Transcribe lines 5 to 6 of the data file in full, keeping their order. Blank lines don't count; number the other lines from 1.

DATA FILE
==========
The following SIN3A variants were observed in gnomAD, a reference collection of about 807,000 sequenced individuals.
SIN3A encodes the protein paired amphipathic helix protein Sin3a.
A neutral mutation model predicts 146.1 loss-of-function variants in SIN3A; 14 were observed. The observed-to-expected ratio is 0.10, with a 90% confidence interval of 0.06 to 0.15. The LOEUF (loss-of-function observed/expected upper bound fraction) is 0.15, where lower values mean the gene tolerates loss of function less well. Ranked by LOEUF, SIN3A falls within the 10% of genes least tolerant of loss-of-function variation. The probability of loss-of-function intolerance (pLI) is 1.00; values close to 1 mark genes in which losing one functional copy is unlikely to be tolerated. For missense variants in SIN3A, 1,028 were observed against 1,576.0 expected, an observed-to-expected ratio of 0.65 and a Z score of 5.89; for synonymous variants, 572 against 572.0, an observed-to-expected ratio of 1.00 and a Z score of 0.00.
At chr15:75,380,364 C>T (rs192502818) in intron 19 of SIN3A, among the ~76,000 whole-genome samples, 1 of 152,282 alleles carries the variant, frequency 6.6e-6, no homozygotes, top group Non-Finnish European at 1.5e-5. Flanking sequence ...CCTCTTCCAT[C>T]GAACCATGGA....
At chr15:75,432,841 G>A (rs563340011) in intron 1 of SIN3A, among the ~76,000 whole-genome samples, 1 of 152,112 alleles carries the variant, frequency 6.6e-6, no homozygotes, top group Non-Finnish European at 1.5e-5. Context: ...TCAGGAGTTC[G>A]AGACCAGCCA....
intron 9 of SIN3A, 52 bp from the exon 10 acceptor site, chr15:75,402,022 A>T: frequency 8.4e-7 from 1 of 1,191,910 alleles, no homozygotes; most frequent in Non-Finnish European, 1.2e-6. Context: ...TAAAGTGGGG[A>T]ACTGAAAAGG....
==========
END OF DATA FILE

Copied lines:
At chr15:75,432,841 G>A (rs563340011) in intron 1 of SIN3A, among the ~76,000 whole-genome samples, 1 of 152,112 alleles carries the variant, frequency 6.6e-6, no homozygotes, top group Non-Finnish European at 1.5e-5. Context: ...TCAGGAGTTC[G>A]AGACCAGCCA....
intron 9 of SIN3A, 52 bp from the exon 10 acceptor site, chr15:75,402,022 A>T: frequency 8.4e-7 from 1 of 1,191,910 alleles, no homozygotes; most frequent in Non-Finnish European, 1.2e-6. Context: ...TAAAGTGGGG[A>T]ACTGAAAAGG....